enter image description here

Let's I have a Newton's Cannon ball of 15 kg and want to fire so it will round the earth and back to me.

My query is which law can evaluate the speed that cannon ball will revolve round the sun ? any hints or answer will be appreciated.


closed as too localized by Brandon Enright, Emilio Pisanty, David Z Jun 4 '13 at 18:04

This question is unlikely to help any future visitors; it is only relevant to a small geographic area, a specific moment in time, or an extraordinarily narrow situation that is not generally applicable to the worldwide audience of the internet. For help making this question more broadly applicable, visit the help center. If this question can be reworded to fit the rules in the help center, please edit the question.

  • $\begingroup$ Most people would use all three of Newton's laws plus Newton's law of gravity, as well as some kinematical facts about circular motion. However, because this is at the earth's surface it's possible to do it using a much more minimal approach. Basically, find the horizontal velocity such that the rate at which the ground curves out from under the cannonball matches the acceleration of the cannonball. $\endgroup$ – Ben Crowell Jun 4 '13 at 4:46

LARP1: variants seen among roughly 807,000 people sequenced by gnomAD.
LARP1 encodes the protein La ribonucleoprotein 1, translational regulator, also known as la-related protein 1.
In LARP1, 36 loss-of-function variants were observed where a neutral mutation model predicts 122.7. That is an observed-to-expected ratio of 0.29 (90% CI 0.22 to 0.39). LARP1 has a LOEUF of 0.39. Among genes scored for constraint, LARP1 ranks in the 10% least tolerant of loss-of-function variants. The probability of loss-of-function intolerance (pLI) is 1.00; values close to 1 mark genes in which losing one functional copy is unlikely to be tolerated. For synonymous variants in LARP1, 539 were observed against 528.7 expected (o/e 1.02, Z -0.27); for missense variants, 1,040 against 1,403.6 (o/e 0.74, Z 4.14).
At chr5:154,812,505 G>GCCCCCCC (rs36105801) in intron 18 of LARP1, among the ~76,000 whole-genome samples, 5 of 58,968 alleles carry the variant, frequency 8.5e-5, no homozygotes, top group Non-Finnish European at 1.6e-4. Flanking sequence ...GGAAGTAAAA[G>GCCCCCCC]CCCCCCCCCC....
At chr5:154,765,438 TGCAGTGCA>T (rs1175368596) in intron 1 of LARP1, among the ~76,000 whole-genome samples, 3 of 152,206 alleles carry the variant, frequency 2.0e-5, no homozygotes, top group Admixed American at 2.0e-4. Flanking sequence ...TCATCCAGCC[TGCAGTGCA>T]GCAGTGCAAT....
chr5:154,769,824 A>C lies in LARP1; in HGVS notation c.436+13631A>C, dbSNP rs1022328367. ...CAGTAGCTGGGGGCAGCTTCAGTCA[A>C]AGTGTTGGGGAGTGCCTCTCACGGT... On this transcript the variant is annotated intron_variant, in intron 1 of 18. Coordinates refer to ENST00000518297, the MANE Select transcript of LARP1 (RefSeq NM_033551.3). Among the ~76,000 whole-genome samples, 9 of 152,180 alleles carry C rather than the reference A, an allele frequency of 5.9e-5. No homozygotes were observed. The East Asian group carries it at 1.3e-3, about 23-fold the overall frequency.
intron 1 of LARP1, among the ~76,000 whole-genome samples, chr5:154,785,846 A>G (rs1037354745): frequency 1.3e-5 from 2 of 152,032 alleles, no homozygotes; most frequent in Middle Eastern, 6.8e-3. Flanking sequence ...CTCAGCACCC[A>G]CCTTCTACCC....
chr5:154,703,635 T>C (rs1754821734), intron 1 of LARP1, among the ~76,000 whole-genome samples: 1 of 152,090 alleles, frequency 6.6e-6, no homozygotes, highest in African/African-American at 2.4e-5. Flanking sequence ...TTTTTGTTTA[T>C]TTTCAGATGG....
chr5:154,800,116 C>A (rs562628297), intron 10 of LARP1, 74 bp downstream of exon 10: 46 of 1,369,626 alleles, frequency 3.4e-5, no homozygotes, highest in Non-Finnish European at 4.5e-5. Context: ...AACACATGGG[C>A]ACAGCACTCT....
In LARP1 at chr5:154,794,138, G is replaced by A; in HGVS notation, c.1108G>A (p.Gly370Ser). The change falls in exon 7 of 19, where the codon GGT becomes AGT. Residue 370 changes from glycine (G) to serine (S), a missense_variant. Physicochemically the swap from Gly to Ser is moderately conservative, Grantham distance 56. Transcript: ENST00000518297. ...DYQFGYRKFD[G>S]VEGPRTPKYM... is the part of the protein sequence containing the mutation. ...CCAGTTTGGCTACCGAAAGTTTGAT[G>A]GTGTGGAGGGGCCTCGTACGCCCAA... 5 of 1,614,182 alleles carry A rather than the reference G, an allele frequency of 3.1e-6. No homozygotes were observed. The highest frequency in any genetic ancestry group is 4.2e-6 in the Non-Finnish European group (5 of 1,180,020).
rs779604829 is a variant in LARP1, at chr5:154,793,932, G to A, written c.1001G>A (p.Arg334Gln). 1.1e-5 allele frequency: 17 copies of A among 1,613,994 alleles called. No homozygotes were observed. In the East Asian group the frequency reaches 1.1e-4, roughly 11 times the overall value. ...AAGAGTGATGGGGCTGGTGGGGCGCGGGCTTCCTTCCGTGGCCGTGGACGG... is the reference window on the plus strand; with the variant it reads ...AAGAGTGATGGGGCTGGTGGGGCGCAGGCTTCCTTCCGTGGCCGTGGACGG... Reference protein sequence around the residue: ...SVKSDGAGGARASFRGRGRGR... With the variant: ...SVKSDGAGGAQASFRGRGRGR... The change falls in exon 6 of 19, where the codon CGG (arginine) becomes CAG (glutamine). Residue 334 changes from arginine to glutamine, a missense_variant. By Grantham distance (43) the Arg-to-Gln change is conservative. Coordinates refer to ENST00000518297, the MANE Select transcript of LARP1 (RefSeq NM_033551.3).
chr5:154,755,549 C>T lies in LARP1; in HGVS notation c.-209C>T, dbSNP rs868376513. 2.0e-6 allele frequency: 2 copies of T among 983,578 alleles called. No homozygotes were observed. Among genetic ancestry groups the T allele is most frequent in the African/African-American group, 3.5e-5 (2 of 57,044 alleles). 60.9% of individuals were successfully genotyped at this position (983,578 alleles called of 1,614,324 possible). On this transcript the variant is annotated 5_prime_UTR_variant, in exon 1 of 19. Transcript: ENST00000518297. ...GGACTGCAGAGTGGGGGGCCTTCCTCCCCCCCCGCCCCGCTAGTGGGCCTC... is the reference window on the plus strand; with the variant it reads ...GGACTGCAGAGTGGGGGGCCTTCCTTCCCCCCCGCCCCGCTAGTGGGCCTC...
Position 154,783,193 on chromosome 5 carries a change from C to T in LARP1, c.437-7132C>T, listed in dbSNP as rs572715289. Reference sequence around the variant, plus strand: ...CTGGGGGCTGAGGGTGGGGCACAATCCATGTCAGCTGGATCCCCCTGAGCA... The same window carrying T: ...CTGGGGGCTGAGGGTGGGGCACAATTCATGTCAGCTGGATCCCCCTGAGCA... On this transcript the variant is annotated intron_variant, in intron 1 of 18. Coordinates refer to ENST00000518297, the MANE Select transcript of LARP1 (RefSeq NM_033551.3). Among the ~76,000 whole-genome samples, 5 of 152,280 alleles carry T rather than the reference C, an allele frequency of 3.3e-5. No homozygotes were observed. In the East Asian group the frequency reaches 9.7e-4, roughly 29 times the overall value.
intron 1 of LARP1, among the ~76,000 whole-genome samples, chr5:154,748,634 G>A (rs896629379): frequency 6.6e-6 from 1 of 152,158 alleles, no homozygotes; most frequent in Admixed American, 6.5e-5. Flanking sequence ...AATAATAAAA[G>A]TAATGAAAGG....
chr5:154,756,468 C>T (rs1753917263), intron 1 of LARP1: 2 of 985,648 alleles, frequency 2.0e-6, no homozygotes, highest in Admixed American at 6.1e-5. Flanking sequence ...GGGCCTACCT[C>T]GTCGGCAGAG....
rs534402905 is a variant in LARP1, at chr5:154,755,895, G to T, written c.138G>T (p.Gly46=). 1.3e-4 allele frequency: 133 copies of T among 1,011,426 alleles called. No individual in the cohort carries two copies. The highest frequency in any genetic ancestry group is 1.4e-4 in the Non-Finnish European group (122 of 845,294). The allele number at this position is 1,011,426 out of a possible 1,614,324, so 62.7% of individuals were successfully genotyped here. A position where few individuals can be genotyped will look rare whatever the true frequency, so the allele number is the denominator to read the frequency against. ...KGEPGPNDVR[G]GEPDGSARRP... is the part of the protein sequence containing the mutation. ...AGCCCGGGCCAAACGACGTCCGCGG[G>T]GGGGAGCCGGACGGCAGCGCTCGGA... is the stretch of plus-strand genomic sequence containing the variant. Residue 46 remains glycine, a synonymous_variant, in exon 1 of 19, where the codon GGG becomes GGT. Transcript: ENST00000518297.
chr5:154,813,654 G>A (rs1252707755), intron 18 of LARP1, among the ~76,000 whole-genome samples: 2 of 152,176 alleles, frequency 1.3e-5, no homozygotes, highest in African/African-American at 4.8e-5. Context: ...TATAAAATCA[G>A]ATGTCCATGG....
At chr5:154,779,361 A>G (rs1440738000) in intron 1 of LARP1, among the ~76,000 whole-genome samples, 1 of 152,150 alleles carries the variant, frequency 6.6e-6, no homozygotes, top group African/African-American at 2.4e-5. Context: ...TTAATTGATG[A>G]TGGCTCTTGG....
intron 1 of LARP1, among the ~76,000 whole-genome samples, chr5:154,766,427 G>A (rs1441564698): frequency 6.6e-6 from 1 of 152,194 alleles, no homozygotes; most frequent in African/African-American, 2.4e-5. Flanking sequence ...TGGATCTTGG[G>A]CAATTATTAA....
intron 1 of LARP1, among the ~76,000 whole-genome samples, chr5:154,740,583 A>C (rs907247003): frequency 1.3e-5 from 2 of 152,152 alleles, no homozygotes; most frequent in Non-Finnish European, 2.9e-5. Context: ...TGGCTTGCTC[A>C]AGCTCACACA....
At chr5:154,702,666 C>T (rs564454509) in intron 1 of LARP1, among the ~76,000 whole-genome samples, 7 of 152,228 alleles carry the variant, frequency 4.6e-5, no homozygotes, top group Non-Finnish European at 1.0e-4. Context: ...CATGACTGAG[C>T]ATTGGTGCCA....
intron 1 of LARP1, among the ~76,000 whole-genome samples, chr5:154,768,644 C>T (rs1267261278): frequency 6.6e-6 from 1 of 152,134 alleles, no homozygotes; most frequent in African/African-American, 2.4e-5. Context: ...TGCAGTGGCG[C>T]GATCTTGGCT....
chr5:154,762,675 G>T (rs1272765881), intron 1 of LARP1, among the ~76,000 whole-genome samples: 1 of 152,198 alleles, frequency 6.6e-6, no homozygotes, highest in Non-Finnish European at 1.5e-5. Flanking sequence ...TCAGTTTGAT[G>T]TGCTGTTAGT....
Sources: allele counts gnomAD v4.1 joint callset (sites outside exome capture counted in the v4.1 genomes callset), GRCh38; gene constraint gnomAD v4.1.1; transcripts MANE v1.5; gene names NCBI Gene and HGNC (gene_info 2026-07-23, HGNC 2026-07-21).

Newton's Law of Gravity + centripetal force: $$F_g=\frac{GMm}{r^2}$$ $$F_c=m\frac{v^2}{r}$$ Combine them and solve for what you need (usually you're given $r$ and asked to solve for $v$).

Those equations are for uniform circular motion (which is what you would encounter in an intro to physics course). More accurately, you would need the Lagrange function to derive the equation of motion for the cannon ball as a function of $\theta$, and in the process rediscover Kepler's laws of motion. It's a little lengthy, but you can find a derivation in Anderson's Intro to Flight, Chapter 8 (Astronautics).

  • $\begingroup$ What will be the r? $\endgroup$ – Physics_guy Jun 4 '13 at 15:10
  • $\begingroup$ What about the angle? $\endgroup$ – Physics_guy Jun 4 '13 at 15:12
  • $\begingroup$ @Physics_guy, $r$ is equal to the distance of the cannon ball to the center of mass of the earth (probably slightly higher then the radius of the earth). And when calculating the velocity $v$, also keep in mind the rotational speed of the earth (initial velocity). $\endgroup$ – fibonatic Jun 4 '13 at 15:19

Not the answer you're looking for? Browse other questions tagged or ask your own question.